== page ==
NCI Dictionary of Cancer Terms
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chewing tobacco (CHOO-ing tuh-BA-koh)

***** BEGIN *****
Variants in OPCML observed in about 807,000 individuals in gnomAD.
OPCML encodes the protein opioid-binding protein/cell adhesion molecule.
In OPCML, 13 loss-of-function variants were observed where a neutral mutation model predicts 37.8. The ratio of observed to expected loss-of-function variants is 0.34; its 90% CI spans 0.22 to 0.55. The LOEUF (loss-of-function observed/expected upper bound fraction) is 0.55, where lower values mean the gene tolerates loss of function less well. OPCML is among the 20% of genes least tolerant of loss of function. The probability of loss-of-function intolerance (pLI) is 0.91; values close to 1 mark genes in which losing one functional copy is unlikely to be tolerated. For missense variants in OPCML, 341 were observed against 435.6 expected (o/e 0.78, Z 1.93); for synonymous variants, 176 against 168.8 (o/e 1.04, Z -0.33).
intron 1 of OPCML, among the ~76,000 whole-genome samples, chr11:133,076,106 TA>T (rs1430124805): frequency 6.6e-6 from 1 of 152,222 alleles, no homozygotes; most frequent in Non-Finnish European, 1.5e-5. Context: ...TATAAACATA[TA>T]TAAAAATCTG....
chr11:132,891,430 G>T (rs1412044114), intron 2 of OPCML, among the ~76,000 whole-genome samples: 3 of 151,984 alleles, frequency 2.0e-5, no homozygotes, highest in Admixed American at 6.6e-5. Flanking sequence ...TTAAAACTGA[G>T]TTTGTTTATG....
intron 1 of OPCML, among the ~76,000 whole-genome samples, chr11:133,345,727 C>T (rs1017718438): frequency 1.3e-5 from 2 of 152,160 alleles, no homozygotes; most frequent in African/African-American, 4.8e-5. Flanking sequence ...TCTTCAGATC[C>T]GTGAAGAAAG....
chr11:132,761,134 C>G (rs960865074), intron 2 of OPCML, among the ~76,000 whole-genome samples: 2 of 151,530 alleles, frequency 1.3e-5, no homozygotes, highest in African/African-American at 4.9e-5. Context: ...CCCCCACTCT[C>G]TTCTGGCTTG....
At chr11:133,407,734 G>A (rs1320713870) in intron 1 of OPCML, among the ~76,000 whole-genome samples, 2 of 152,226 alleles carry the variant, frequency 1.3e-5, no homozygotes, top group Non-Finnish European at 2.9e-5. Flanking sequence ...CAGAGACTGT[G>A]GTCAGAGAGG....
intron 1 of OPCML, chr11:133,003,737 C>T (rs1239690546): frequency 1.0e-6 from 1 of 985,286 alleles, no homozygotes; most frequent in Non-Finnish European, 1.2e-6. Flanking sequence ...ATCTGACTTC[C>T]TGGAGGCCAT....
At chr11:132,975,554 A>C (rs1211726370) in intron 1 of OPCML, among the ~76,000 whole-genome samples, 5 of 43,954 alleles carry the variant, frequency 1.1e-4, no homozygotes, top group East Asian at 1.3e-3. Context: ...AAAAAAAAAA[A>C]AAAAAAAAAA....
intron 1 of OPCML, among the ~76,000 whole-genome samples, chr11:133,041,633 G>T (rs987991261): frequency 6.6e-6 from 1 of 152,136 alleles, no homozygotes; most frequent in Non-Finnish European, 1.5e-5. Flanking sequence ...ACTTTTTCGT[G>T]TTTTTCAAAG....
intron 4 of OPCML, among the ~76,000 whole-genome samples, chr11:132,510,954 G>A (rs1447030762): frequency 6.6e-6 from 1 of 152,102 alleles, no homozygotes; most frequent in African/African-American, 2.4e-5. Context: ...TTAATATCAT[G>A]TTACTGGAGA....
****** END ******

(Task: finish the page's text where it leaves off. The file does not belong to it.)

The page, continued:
A type of smokeless tobacco made from cured tobacco leaves. It may be sweetened and flavored with licorice and other substances. It comes in the form of loose tobacco leaves, pellets or “bits” (leaf tobacco rolled into small pellets), plugs (leaf tobacco pressed and held together with some type of sweetener), or twists (leaf tobacco rolled into rope-like strands and twisted). It is placed in the mouth, usually between the cheek and lower lip, and may be chewed. Chewing tobacco contains nicotine and many harmful, cancer-causing chemicals. Using it can lead to nicotine addiction and can cause cancers of the mouth, throat, esophagus, and pancreas. Chewing tobacco use may also cause gum disease, heart disease, stroke, and other health problems. Also called spit tobacco.